A History of Violence

(Promoted from comment discussion: http://www.haloscan.com/comments/emeasure/2688151665992694820/?src=hsr#212644)


Only three types of creatures engage in warfare--humans, chimpanzees, and ants. Among humans, warfare is so ubiquitous and historically commonplace that we are often tempted to attribute it to some innate predisposition for slaughter--a gene, perhaps, manifested as a murderous hormone. The earliest archeological evidence of war is from 12,000 years ago, well before such innovations as capitalism and cities and at the very beginning of settled, agricultural life. Sweeping through recorded history, you can find a predilection for warfare among hunter-gatherers, herding and farming peoples, industrial and even post-industrial societies, democracies, and dictatorships.

A reasonable start, but at that point Erhenreich goes completely off the rails. She starts by noting that war occurs not only in virtually every human society, but also in our closest animal relations, from whom we separated six million years ago. Next she wants us to believe that an instinct that served to protect us from maurauding beasts somehow survived a million years of our role as an apex predator despite the obvious carnage it wreaks among its practitioners. This does not compute.

She hopes to uproot war by considering it something external to ourselves. This is the folly of self-delusion, the very folly which perpetuates war. If you want to eliminate war, murder, rape, whatever, you need to face it honestly. She advances some feeble arguments that war is not natural:

Contrary to the biological theories of war, it is not easy to get men to fight. In recent centuries, men have often gone to great lengths to avoid war--fleeing their homelands, shooting off their index fingers, feigning insanity. So unreliable was the rank and file of the famed eighteenth century Prussian army that military rules forbade camping near wooded areas: The troops would simply melt away into the trees.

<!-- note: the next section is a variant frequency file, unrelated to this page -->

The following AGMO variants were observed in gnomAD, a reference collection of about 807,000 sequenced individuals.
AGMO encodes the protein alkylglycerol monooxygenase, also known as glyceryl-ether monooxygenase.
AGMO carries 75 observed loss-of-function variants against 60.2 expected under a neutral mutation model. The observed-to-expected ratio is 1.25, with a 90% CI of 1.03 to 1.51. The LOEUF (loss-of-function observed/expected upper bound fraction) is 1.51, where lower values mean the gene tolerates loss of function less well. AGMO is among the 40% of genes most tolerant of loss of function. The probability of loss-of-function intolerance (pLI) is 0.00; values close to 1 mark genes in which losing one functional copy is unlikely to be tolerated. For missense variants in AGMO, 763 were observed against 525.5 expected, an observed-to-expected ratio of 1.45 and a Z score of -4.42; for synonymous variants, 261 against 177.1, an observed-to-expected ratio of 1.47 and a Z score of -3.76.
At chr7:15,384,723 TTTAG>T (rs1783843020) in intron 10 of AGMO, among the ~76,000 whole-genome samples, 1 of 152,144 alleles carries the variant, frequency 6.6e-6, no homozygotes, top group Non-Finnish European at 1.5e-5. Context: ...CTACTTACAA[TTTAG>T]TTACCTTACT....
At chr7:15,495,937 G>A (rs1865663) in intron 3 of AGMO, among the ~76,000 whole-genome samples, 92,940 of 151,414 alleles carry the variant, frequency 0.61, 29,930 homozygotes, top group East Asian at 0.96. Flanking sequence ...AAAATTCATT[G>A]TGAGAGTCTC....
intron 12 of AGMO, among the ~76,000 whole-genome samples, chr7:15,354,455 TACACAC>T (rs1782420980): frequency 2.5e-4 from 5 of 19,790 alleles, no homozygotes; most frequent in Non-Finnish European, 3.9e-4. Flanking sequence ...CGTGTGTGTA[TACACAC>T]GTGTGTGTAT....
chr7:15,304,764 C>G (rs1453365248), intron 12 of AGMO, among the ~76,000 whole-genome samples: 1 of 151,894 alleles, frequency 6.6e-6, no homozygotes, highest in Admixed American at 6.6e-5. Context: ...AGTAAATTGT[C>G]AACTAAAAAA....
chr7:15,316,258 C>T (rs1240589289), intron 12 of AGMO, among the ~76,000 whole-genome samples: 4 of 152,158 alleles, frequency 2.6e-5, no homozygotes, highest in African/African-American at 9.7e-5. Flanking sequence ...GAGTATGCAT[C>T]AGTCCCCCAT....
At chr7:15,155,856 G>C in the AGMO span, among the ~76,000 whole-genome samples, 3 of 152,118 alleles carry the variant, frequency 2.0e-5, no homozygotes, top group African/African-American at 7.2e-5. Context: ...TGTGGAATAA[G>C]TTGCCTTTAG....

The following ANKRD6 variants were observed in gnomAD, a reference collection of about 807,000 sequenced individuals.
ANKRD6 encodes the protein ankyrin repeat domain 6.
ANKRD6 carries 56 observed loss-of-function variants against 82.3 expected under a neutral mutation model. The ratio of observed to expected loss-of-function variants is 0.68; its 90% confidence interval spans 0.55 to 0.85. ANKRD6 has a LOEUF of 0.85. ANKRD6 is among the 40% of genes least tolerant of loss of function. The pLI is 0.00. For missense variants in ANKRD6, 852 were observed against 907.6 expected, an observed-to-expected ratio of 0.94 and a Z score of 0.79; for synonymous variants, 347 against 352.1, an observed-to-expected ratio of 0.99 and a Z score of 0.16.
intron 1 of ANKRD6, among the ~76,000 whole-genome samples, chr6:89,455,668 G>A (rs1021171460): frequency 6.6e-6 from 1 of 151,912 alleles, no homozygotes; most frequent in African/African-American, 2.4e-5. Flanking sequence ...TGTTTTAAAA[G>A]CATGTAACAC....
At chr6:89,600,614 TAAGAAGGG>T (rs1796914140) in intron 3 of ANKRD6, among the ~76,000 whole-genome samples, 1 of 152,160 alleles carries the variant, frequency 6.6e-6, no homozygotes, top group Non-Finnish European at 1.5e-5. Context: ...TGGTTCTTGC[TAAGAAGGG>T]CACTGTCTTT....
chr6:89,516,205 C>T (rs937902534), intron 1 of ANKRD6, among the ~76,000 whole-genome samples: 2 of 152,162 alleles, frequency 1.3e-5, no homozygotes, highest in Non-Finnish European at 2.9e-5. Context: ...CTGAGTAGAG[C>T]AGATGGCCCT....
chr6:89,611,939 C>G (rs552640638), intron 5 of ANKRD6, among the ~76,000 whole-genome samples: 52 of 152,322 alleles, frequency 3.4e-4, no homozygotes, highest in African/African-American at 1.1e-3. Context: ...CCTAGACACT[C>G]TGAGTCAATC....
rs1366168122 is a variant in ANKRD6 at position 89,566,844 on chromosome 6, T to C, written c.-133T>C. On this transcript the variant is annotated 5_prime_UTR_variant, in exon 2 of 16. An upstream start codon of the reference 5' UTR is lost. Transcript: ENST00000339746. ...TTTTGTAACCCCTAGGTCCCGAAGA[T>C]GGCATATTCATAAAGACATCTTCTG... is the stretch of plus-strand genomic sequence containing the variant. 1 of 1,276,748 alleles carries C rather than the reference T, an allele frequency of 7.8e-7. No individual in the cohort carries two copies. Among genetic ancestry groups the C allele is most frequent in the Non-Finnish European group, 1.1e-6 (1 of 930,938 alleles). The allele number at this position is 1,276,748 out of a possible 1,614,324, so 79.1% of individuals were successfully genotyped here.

This ignores the obvious fact that there are always those willing and eager to volunteer for war. It also ignores the fact that games that simulate war are among the most popular forms of children's (actually, boy's) play.

Determined to raise our children violence free, my wife refused to let them have toy weapons. Until she noticed our three-year old chewing his slice of bread into a gun shape and pretending to fire it.

Of course she is also wrong about only ants, chimps, and us being warlike. Animals from coral reefs to lions to wolves engage in something very much like warfare. The reasons are obvious: competition for resources.

Napoleon Chagnon, who carefully studied the Yanomamo Indians of South America, noted and documented that killers left more offspring than "wimps." There is plenty of independent research to indicate that this result is usual in hunter gather societies. It could hardly be otherwise. War is such a dangerous activity that any propensity toward it would have been quickly extinguished if it weren't profitable, genetically speaking.

Our violent history was adaptive in the primitive hunter gather societies that were universal until 15000 years or so ago. There is little reason to suppose it is still adaptive for individuals, though it may still be for nations. Among nations, the strong survive and the weak feed the crows.

If you would eliminate war, start with reality, not fantasy. The reality is that our history of violence is radically incompatible with the notion that it is some sort of abberation. What is needed is not some fantasy of wishing and hoping it away, what is needed is attention to the factors that produce it and its replacement by moral equivalents.


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